That fish ‘n chips flake could actually be endangered

It’s a fish ‘n chips shop classic: Flake. But have you ever thought about where it comes from? You might want to start.  

Friday night fish and chips are a weekly staple in so many Australian families. Flake is, by far, one of the more popular choices on the menu but we as consumers rarely think about where it comes from.

In a piece written for Broadsheet, the owner and chef of fine dining restaurant Attica Ben Shewry says that while you should be getting gummy shark, which are common and whose populations in Australia’s southern waters, you may actually be eating endangered species.

“Because of a loophole in Australia’s national environment laws, endangered shark species are caught side-by-side with gummy shark in unsustainable numbers – so it’s impossible to know what you’re receiving,” he wrote.

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“In addition, labelling laws in Australia mean restaurants and fish ‘n chip shops don’t need to accurately list the fish species and where they came from, so there are no checks and balances.”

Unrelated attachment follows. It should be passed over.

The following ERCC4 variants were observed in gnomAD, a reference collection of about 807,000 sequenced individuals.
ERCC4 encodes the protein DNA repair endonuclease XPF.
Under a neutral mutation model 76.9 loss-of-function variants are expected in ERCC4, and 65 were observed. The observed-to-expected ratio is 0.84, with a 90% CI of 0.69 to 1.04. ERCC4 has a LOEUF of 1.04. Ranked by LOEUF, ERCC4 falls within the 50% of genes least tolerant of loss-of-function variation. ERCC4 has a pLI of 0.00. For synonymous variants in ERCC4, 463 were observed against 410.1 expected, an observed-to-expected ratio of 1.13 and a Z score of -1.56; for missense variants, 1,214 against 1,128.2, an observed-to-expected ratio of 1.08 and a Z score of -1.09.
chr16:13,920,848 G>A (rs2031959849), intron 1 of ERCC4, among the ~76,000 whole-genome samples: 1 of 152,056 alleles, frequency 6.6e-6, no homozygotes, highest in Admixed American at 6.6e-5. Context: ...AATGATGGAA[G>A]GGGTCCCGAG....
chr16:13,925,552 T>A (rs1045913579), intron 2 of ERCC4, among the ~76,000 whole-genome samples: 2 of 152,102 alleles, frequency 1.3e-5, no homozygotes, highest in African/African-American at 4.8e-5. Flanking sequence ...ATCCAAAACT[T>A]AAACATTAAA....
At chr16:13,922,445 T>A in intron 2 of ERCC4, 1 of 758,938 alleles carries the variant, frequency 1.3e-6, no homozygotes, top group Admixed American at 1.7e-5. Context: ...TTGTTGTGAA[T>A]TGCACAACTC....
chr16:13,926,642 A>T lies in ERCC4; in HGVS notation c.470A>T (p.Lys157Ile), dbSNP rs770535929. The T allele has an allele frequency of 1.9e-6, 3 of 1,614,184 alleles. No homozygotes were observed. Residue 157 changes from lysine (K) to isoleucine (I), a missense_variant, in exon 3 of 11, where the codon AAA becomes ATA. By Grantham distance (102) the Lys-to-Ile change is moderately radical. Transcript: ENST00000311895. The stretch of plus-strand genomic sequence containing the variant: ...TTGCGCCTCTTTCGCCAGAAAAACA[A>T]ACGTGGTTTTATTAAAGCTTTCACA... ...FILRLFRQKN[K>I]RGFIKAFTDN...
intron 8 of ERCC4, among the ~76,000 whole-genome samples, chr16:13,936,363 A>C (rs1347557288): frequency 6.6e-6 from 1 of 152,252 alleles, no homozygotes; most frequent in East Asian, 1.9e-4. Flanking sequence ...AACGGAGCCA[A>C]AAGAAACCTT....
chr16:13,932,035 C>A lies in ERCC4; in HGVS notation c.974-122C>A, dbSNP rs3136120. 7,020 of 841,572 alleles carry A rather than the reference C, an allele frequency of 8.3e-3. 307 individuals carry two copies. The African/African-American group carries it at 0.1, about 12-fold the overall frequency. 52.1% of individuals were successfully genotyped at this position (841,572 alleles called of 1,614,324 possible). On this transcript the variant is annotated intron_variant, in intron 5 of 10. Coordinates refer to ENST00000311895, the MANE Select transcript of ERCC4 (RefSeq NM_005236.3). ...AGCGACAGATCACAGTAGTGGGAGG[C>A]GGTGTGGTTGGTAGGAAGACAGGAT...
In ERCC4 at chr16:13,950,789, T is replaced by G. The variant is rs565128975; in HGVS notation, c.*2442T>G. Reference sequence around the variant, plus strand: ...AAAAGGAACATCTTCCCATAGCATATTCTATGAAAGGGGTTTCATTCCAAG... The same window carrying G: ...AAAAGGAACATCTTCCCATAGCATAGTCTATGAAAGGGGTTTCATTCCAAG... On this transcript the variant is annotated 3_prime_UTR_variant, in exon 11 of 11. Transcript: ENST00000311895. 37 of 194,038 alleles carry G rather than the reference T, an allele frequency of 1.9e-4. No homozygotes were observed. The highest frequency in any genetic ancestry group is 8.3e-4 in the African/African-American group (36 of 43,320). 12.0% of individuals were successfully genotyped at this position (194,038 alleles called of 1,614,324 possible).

According to Give Flake a Break, an initiative founded by the Humane Society International Inc and the Australian Marine Conservation Society, more than 13,000 endangered sharks have been caught and sold since 2018.

Australia is home to one-quarter of the world’s shark species, so we are in a position to create real change and ensure sustainable, responsible fishing.

The Australian Marine Conservation Society encourages eating flathead, silver perch, or tailor fish as an alternative to flake.